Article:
Jeff Rowe, editor of The Health Record Review is unhappy that the government will impose penalties for providers who do not achieve Meaningful Use of electronic health records. His hypothesis: penalties are there only because policymakers want to “exercise their inner regulators” and that therefore the penalties should be dropped. He ends his piece with an acknowledgment that maybe he’s missing something, and he invites responses.
So here’s mine.
The Meaningful Use rules went into effect as part of the ARRA stimulus, and started out with bonus payments for those providers who successfully deployed EHRs relatively quickly. The government also provided a variety of grants, cooperative agreements and support programs through the Office of the National Coordinator of Health IT in order to encourage rapid uptake. The incentives were front-loaded, consistent with the idea of jump-starting the economy and also matching the overall timing of the stimulus.
But many providers didn’t quality for Meaningful Use in the first go-round. Some were just too far away from implementation to try it, others were not interested in EHR in the first place, and some had other priorities.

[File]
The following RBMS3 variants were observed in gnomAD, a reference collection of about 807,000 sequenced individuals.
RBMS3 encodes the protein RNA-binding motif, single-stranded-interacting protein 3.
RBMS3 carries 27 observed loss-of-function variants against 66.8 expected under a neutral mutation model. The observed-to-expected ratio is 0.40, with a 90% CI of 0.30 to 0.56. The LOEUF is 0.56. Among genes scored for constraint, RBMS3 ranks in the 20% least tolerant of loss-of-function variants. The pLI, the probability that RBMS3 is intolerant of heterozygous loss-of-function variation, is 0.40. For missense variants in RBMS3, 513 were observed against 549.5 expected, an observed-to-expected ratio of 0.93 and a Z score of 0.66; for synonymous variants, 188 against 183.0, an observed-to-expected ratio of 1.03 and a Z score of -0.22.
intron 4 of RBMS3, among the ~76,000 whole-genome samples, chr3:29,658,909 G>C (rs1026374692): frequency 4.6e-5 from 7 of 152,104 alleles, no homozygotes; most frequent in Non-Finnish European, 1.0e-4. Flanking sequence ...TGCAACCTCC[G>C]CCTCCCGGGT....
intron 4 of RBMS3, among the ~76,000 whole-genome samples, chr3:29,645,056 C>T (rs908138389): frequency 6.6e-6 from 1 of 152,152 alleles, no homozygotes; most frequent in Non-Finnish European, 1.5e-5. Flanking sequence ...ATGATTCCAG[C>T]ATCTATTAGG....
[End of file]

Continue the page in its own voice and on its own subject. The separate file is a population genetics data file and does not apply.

Some people are motivated by incentives, but almost everyone hates to lose. So the penalty phase provides a motivation to get moving, even to those providers who missed out on the bonuses.
But the penalties are even more clever than that. In an era of big budget deficits, penalties are quite durable. They can last forever because by budget accounting they save the government money. It doesn’t cost anything to fund the program, and yet repealing the penalties would boost the deficit.
Providers are also great at pushing for delays or cancellations of requirements. ICD-10 being exhibit A for this argument. Having penalties in place that providers can escape simply by doing what many of their peers have already done is a good way to keep special interests from overturning or delaying policies that most people support. Rowe quotes an American Hospital Association official making the predictable point that the date for compliance is “unrealistic.” He also asks why not 2017 or 2020 or 2025?
He also insists that the government should “prove” its case for EHRs before imposing these rules. It might more reasonably be suggested that health care providers prove that they should stick with paper rather than move into the digital era like every other industry.
September 4, 2012